How To Take Your Pet's Temperature
It's A Tough Job, But Someone's Got To Do It!
Sometimes, just as it is with our children, when our pets seem "out of sorts," we wonder if we should call the veterinarian. We don't want to appear to be alarmists but, by the same token, we want our companion animals to get the medical attention they need.
With that in mind, one wonders; where did "by the same token" come from? And what does it mean? I suppose you could substitute, "in any event" or "as they say in Altoona." But I digress.
In any event, as they say in Altoona, "When you call the vet, they'll ask you some questions," such as: is the pet eating normally, does (s)he seem listless, showing any signs of pain, any swelling, any discharge, does (s)he have a fever?
OWNER: "Fever? Ah, gee, Doc, I don't know; want me to go feel his forehead or something?"
VETERINARIAN: "Well, actually, that won't tell us anything. You really need to take his temperature."
OWNER: “Yeah, but what if he chomps down on the thermometer, won’t the mercury give him the trots or something?”
VETERINARIAN: “Ah, you might want to try the other end.”
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It really isn't as bad as it may seem. I'll bet you'd probably have a little better luck with a dog over a cat, though.
I dreaded the thought of ever having to take my own cat’s temperature. I think I'd have to cold-konk her with a two by four first.
In most cases, it would probably take two people to get the job done with a cat.
It’s not a bad idea to use two people, anyway, so one can pet, comfort and distract the pet.
Obviously, you can't use an oral thermometer. Try keeping that under a feline or canine tongue for two minutes without them chewing it in half.
So you know what that means. It means you should get a veterinary thermometer.
They're about 5 or 6 bucks at feed and grain stores or pet supply stores.
What's the main difference between a veterinary thermometer and a regular rectal thermometer?
A veterinary thermometer has a loop at the end opposite the bulb.
You tie one end of a 12-inch string to that loop and wrap the other end around your finger.
Why you do this will be eminently clear to you should the animal take offense when you insert the instrument.
When you introduce the thermometer, the "how-do-you-do" may cause the animal to bolt. Running with the thermometer in place could cause it to break, resulting in a laceration or puncture wound.
Alternatively, the animal could run a short distance, stop, and try to dislodge the thermometer on its own. Without opposable thumbs, the animal would have to accomplish this with its mouth.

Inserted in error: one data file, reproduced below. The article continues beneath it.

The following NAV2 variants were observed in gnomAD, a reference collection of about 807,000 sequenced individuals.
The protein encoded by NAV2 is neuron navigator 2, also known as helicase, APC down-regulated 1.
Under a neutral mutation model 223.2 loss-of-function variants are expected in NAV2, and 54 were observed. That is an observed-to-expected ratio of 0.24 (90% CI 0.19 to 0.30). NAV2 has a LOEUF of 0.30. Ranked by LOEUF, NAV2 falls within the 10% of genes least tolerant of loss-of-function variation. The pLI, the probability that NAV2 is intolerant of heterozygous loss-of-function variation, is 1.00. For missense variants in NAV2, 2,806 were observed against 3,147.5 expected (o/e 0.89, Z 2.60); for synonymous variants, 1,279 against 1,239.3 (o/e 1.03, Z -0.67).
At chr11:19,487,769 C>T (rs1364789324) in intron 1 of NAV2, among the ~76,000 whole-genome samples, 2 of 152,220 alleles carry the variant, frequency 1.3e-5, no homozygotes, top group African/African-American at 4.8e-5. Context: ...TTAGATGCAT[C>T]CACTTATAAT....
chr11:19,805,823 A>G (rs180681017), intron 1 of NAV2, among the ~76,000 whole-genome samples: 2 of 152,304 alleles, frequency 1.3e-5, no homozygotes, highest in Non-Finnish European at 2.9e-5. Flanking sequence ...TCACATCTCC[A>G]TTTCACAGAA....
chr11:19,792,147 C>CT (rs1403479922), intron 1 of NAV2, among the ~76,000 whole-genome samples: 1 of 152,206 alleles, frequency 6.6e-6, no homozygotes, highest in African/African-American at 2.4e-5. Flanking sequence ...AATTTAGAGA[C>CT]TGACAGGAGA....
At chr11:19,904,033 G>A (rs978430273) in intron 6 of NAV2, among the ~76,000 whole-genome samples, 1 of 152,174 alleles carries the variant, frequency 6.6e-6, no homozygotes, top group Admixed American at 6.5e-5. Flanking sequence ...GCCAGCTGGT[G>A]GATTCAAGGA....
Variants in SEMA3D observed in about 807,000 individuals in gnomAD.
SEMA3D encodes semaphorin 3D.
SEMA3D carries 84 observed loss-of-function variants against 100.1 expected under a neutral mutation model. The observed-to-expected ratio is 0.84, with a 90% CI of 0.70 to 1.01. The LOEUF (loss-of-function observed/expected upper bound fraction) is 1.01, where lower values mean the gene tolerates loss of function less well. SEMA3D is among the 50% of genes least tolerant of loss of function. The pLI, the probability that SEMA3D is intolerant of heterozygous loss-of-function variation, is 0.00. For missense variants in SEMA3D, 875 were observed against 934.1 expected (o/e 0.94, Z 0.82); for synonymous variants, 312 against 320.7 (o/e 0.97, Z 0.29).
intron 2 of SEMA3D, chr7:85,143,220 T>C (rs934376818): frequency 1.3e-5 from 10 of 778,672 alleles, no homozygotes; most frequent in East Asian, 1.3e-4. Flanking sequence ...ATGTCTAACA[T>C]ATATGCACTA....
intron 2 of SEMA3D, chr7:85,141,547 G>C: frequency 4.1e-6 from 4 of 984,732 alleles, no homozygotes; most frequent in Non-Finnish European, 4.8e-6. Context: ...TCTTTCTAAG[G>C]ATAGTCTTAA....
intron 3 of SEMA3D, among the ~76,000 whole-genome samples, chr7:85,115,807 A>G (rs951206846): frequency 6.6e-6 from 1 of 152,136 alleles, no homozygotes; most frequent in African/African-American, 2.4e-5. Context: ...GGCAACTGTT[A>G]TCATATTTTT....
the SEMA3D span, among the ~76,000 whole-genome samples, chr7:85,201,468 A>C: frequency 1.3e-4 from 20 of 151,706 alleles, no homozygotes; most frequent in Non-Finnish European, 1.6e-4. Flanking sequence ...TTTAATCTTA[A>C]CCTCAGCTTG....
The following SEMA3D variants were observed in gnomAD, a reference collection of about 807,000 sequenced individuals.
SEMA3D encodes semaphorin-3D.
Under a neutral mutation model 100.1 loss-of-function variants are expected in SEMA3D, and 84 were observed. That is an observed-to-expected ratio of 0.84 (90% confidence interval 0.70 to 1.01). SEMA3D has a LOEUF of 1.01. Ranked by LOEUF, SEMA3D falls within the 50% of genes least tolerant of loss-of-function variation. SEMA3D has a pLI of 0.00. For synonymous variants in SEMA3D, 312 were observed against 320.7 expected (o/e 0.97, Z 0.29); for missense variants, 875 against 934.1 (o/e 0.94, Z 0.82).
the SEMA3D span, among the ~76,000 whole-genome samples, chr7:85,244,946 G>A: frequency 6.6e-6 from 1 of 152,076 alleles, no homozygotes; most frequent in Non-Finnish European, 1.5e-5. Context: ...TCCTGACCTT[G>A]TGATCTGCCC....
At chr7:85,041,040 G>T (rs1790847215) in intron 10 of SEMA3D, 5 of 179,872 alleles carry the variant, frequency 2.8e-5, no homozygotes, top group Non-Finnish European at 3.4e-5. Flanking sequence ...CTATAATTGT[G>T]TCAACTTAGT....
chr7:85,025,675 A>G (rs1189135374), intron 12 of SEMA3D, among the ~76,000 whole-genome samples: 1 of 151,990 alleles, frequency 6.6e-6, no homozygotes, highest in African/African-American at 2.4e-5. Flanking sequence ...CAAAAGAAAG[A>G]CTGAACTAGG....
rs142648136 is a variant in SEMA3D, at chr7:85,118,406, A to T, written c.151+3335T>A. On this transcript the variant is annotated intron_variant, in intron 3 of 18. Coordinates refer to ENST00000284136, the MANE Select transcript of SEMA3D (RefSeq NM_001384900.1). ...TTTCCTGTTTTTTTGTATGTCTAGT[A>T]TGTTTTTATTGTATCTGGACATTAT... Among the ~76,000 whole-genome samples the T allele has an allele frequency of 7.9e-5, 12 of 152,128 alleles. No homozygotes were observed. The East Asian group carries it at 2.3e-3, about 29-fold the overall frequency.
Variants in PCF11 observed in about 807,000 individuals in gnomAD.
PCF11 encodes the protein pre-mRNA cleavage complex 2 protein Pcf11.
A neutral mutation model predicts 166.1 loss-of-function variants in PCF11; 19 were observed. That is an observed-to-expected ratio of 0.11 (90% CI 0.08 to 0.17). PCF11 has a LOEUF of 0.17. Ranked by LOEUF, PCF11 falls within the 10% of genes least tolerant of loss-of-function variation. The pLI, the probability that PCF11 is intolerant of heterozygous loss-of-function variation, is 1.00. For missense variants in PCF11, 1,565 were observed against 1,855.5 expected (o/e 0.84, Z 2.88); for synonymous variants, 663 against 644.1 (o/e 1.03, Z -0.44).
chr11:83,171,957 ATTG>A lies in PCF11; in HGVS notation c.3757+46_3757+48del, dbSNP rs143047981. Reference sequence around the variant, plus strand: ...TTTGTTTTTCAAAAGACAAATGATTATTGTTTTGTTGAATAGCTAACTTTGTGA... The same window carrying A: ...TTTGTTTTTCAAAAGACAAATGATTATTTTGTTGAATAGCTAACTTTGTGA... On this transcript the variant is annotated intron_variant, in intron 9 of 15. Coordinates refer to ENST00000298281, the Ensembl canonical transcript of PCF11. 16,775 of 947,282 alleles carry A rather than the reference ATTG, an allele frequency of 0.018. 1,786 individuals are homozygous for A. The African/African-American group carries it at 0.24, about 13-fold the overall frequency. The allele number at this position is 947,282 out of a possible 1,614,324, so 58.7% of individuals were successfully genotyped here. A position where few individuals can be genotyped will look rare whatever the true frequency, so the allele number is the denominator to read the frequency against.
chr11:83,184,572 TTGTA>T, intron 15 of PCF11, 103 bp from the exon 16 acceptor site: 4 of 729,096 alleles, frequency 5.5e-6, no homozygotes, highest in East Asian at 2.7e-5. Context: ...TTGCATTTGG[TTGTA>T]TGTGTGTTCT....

And that could break the thermometer or (brace yourself) force it all the way in. Now aren't you glad you tied a string to that little loop?
The instrument was designed primarily for livestock; animals that aren’t as comfortable around people, as pets are, to begin with. But, it’s not a bad idea for pets, either.
There are digital veterinary thermometers on the market as well. The advantage there is that they don’t require as much time to register a reading.
On occasion the insertion may cause the pet to try to expel the instrument via muscular contractions…to “poop it out” as it were. Because that action could leave you holding a handful of poop, you may want to don rubber gloves.
Lubricate the “business end” of the thermometer, lift the pet’s tail, and if it’s a particularly furry animal, confirm the location of the anus (you don’t want to go blindly jabbing the area with the thermometer) before attempting to insert. Aren’t you glad you donned those rubber gloves?
Once the thermometer is in place, you must contain the animal for two minutes. Dogs may just stand there quietly, or it may take two of you to hold him still. For cats, you'll probably have to call in the cavalry. Not really. More often than not, the animals don’t even react, similar to when they get an injection. But, you can’t count on that.
With a cat, if you pinch the skin on the back of the neck (a technique knows as scruffing), you'll activate its carry-reflex which should render it somewhere between subdued and immobilized. The technique is used by mother cats when they're carrying their kittens to a newly relocated nest (keeping one step ahead of the predators), and it's used by tom's to immobilize the queen and enable them to accomplish mating.
But, most of the time, taking your dog’s or cat’s temperature is an uneventful event. Most of the time.